Friday, 4 January 2008

New Media

Research/Presentation - Net Art Presentation

For this part of the module I have decided to look at the subject of Net Art. I am intrigued to find out its definition, history and to look at some examples. I understand that this is a vast subject matter to approach but I will look at it briefly to get an idea of what its all about, and then use it as a basis to look at a particular area related to my practise for my essay.

The term ‘Net art’ originated from when Vuk Cosic came across a scrambled email message where the phrase ‘’ appeared in several places. The dot was removed but the term became popular among artists in the New Media scene. The term was officially used for the first time when Vuk Cosic arranged a meeting for artists called ‘net art per se’ in Trieste in 1996.

One of the first online galleries was Benjamin Weil’s ‘äda web’. This was an Internet space that featured work by both already established artists who were experimenting with the genre, alongside Net artists. At this time in the mid nineties Net art was still seen as an experimental genre, therefore the funding for this area was not always made available. Weils’ ‘äda web’ found itself fall victim of this and lost its financial support. Fortunately the galleries’ work was permanently archived by the ‘Walker Art Center’, and they continued to support Net art.

‘äda web’ has since been re-created, featuring the same artists from 1996 this is how it appears today. The site ‘’ was created in 1993 by Dirk Paesmans and Joan Heemskerk, it is now known as ‘ This is a popular example of early Net art. When you first open the page you are met with a scramble of green letters and punctuation marks. It seems as if an error has occurred during the HTML setup or browser software. However if viewers look at the source of the page which shows the coding used for the site they will understand the meaning behind it.

The artists have carefully created a diagram between the correct HMTL tags for the page. It is made up of dots and slashes depicting a hydrogen bomb. When exploring past the home page it becomes clear that the page isn’t an error, it’s a continued look at the ‘glitch factor’ of the Internet.

Mark Tribe explains in New Media Art that their idea was to hide an image of a bomb within the source code of a Web page, so that the browser would try and read it as a HTML file blowing it up on the screen. It is interesting to see how this use of hidden coding was found so early on in the creation of Net art. began to change the way people think about the internet proving that it wasn’t just an outlet to publish information to a mass audience, but it could also be an art medium in itself. The Internet had created a place where artists, critic’s curators and collectors could communicate internationally. The use of forums and email newsletters had been in place for a reasonable amount of time already but new dimensions were being created. Some artists used the internet as a means of documenting their work. For example to display a portfolio of images, whereas others embraced the internet as a medium in its own right, and used it to create art in its primary form.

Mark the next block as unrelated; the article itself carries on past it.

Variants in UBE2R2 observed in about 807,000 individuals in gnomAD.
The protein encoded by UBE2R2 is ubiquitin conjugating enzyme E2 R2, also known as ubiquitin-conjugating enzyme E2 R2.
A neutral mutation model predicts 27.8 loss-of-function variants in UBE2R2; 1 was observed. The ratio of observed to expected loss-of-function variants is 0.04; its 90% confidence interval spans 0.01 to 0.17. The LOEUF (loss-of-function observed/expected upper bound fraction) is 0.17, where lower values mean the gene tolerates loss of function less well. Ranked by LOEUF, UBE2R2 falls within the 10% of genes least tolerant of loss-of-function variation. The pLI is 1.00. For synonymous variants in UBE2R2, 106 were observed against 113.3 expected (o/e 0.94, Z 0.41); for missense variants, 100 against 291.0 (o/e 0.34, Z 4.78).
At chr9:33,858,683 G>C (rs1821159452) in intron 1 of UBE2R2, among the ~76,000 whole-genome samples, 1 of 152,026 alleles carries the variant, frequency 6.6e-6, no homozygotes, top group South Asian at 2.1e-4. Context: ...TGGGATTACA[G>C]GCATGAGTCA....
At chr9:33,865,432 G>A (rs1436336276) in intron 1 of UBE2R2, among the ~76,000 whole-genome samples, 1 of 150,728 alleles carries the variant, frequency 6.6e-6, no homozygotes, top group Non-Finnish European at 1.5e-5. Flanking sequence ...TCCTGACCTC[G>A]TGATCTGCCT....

THE ART OF SLEEP, 2006, has been commissioned by YOUNG-HAE CHANG HEAVY INDUSTRIES for Tate Online. The page fills the whole of the computer screen and captures the attention of the viewer, using black text on a white background. The text is teamed with jazz music which compliments it well. The piece runs for 18 minutes and tells an amusing story. The piece runs on its own and only requires the viewer to initially open it.



“Characterized by classical and jazz scores, and rushes of HTML and textual surfaces it explodes the flatness of the web with literary propositions”
Rachel Greene, Internet Art, 2004

The piece is doesn’t require constant interaction from the viewer, which almost makes it seem like a piece of television or animation. It is available in a range of different languages. It could be argued that this piece of work doesn’t need the Internet to be exhibited all it needs is a screen and a loop setting. In my opinion it reflects the ‘flatness’ of the Internet in the sense that we see and do everything through a screen and is choosing that way in which to communicate, however we don’t just sit in front of an Internet page and expect it to navigate on its own. As a user we are required to do that ourselves.